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Old 11-14-2009, 08:24 PM   #1
 
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How Make Hole In Cement For Chimney?


Hello!

Ok, here's my problem: I have a wood burning stove upstairs, but it's way too hot and hard to regulate the heat. I plan on moving it down stairs and use the pre-existing chimney.

I also need to know if I have to get an insulator or a receiver of some kind once the hole is made.

The chimney resides approximately in the middle of the house. Our oil burning furnace' exhaust goes in the chimney from downstairs too. Below is a picture of the cement block. I think they are called "cinder blocks", but I am not sure:



The stove pipe I will be using has a 6" diameter. I hopefully will be installing it in the middle of the block you see above.

1.) How do I make the hole in the cement?
2.) What tools am I going to need?
3.) How big of a hole am I going to need?
4.) Do I make the hole at slightly upward angle to allow air flow?
5.) Do I need an insulator/receiver for the pipe in the cement?

The hole will be made approx. 2 1/2' feet below the floor joists.

If I need some sort of receptor or insulator, is there an official name for this piece so I can ask for it by name at the hardware store?

Any and all tips on this project that you can give, I would appreciate it. I have hardly any skills, but somehow I manage. LOL!

Thanks,

Aurelius
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Old 11-14-2009, 08:52 PM   #2
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Is there a dual exhaust path?
You can't put both exhausts thru the same chimney
You may also need an exhaust liner for the cement block for the wood stove



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Old 11-14-2009, 08:59 PM   #3
 
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Scuba_Dave,

Dual exhaust? Not sure what you mean? I only know of one big hole in the chimney that goes from the bottom to the top. For years both the wood stove and furnace exhaust have run up through this chimney.

Not sure what you mean by "exhaust liner". While doing some studying since I posted this thread, I did see a diagram where a "flue" was pointed out. This flue seems to be a liner made of cement. It's smooth. I believe the chimney has a flue because I've seen it when I re-installed the wood stove upstairs last year.

This "flue" also brings up another concern as well, because I'm wondering how to get through that as well. I'm thinking I'm going to have to be careful when making the hole.

Aurelius
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Old 11-15-2009, 09:09 AM   #4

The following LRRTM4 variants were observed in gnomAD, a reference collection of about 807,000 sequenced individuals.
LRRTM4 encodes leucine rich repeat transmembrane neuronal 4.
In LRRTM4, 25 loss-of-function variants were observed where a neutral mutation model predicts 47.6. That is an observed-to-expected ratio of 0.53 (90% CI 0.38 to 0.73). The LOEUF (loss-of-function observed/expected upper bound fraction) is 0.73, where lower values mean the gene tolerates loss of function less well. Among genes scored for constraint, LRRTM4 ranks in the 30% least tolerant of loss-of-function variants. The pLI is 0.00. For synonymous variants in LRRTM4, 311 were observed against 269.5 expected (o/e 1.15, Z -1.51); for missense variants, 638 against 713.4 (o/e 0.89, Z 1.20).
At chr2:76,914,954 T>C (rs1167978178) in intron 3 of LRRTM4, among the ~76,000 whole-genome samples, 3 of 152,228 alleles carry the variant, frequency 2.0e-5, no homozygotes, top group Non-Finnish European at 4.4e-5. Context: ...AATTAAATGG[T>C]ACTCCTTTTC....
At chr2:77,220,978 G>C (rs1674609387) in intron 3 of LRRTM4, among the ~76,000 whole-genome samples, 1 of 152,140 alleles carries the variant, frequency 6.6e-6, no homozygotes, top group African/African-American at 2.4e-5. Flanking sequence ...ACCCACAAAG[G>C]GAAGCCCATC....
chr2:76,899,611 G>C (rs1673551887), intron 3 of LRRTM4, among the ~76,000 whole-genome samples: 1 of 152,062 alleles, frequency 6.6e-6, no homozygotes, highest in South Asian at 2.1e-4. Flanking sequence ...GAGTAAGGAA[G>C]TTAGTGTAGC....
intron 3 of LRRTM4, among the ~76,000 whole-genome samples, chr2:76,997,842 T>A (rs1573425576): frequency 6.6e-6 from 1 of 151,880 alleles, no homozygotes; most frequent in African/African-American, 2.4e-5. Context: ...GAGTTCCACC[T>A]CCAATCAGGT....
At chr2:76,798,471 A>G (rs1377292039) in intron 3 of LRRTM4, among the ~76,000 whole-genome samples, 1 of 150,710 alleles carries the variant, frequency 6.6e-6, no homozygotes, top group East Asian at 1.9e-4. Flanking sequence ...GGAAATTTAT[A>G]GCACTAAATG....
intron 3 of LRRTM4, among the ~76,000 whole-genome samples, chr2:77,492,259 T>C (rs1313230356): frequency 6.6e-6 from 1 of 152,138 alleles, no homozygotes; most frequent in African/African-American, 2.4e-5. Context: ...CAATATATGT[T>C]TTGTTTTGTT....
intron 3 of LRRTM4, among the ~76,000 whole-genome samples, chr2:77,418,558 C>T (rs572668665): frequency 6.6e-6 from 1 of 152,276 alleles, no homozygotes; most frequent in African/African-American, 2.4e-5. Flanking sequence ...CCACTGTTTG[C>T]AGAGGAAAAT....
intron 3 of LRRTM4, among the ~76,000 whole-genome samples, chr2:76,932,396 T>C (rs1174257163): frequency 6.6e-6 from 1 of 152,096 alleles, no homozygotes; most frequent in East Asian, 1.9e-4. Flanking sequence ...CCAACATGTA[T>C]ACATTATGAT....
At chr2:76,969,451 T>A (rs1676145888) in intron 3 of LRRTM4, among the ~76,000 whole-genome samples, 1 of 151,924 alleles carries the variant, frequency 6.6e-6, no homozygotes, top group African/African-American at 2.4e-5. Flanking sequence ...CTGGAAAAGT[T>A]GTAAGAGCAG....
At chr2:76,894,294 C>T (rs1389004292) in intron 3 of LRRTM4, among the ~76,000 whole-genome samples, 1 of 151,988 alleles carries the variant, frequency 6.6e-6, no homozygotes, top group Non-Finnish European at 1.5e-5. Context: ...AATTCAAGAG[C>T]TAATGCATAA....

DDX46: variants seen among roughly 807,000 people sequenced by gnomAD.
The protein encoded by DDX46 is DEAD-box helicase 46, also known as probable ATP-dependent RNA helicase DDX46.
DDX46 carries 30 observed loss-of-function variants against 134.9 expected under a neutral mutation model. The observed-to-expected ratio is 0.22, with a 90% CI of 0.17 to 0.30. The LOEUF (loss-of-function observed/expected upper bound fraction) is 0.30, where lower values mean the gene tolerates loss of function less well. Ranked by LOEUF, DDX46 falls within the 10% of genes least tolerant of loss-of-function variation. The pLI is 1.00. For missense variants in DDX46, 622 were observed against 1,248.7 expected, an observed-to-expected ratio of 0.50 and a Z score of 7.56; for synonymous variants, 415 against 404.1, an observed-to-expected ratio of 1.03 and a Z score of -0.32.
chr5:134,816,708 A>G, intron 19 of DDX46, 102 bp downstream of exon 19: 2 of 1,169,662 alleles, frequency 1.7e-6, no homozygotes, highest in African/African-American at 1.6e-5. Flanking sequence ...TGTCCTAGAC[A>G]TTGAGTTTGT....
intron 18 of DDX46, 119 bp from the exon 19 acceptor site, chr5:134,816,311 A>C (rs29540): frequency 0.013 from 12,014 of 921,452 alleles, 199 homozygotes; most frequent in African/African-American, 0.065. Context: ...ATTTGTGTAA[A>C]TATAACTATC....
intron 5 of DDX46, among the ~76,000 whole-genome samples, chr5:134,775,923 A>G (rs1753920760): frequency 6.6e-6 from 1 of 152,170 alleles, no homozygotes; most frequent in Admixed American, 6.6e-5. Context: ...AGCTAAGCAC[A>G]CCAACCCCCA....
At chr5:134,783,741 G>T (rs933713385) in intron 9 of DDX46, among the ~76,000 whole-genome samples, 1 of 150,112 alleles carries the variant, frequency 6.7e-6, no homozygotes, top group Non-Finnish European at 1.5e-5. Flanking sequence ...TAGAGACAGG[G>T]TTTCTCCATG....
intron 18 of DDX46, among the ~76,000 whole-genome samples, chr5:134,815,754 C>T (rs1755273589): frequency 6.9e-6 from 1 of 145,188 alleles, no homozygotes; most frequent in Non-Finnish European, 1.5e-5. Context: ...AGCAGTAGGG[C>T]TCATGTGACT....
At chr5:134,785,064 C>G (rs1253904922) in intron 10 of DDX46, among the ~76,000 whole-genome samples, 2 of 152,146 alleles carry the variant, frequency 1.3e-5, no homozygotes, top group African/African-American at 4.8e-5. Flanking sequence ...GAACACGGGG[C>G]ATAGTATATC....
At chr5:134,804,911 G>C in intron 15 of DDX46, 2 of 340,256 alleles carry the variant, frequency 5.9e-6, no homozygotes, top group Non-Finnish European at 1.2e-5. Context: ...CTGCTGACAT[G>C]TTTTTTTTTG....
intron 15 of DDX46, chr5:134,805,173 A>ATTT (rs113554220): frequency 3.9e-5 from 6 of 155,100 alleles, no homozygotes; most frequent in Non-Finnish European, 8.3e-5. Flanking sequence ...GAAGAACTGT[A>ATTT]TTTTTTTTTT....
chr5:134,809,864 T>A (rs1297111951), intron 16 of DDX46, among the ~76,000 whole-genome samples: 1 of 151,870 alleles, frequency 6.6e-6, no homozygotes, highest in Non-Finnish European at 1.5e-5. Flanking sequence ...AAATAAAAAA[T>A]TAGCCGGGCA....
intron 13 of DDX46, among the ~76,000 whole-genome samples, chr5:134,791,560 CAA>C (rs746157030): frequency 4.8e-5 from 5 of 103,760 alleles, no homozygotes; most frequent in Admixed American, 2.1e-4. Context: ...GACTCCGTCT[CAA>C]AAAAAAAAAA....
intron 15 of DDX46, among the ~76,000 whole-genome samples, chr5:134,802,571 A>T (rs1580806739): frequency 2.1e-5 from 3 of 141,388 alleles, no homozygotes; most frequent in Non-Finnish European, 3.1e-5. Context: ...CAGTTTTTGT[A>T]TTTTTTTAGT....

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Quote:
Originally Posted by Aurelius View Post
Scuba_Dave,

Dual exhaust? Not sure what you mean? I only know of one big hole in the chimney that goes from the bottom to the top. For years both the wood stove and furnace exhaust have run up through this chimney.

Not sure what you mean by "exhaust liner". While doing some studying since I posted this thread, I did see a diagram where a "flue" was pointed out. This flue seems to be a liner made of cement. It's smooth. I believe the chimney has a flue because I've seen it when I re-installed the wood stove upstairs last year.

This "flue" also brings up another concern as well, because I'm wondering how to get through that as well. I'm thinking I'm going to have to be careful when making the hole.

Aurelius
From what you've posted, I'd recommend a professional come to the house and look at, and do the job if it's even possible. The fact that you've had two units in the same flue and think that's acceptable shows you have no idea about the situation. This can lead to deadly circumstances if you continue.
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Old 11-15-2009, 09:37 AM   #5
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The fact that the exhaust was routed incorrectly in the past does not mean you can continue to do so
You need 2 seperate methods of exhaust



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Old 11-15-2009, 09:46 AM   #6
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There is an immanent danger of carbon monoxide poison occuring with your present arrangement. All furnaces exhaust CO and if this should happen to escape into your living quarters, it could be fatal.
In my area, a whole family died from CO poisoning, recently!
Your furnace should have a metal liner installed, all the way from the furnace to the chimney cap.
When the wood stove is moved to the basement, it should/must have its own metal lined chimney flue.
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Old 11-16-2009, 12:27 AM   #7
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You have been given good advice other posters. But they did not address the clearance to combustables issue, or make-up air. I suggest you stop using the existing location untill you get the code requirements where you live. Also contact your insurance company about the wood stove coverage you may or may not have.

You need to contact a licensed, experienced contractor to look at your heating install. Expect to pay for his service and knowledge.
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